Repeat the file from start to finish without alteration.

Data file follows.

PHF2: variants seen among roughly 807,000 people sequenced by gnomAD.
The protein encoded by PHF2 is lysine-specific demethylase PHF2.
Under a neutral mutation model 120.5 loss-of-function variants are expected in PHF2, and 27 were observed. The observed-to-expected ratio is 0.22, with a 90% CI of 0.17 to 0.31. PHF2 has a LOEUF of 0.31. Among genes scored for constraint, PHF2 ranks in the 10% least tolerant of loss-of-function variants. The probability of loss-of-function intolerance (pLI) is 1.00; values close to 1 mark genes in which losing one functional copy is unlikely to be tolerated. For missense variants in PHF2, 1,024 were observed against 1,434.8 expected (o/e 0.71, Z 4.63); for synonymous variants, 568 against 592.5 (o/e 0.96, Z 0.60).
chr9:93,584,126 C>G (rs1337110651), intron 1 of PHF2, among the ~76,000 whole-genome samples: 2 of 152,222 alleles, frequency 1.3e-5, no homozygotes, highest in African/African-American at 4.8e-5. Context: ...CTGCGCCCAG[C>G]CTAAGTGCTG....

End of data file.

PHF2: variants seen among roughly 807,000 people sequenced by gnomAD.
The protein encoded by PHF2 is lysine-specific demethylase PHF2.
Under a neutral mutation model 120.5 loss-of-function variants are expected in PHF2, and 27 were observed. The observed-to-expected ratio is 0.22, with a 90% CI of 0.17 to 0.31. PHF2 has a LOEUF of 0.31. Among genes scored for constraint, PHF2 ranks in the 10% least tolerant of loss-of-function variants. The probability of loss-of-function intolerance (pLI) is 1.00; values close to 1 mark genes in which losing one functional copy is unlikely to be tolerated. For missense variants in PHF2, 1,024 were observed against 1,434.8 expected (o/e 0.71, Z 4.63); for synonymous variants, 568 against 592.5 (o/e 0.96, Z 0.60).
chr9:93,584,126 C>G (rs1337110651), intron 1 of PHF2, among the ~76,000 whole-genome samples: 2 of 152,222 alleles, frequency 1.3e-5, no homozygotes, highest in African/African-American at 4.8e-5. Context: ...CTGCGCCCAG[C>G]CTAAGTGCTG....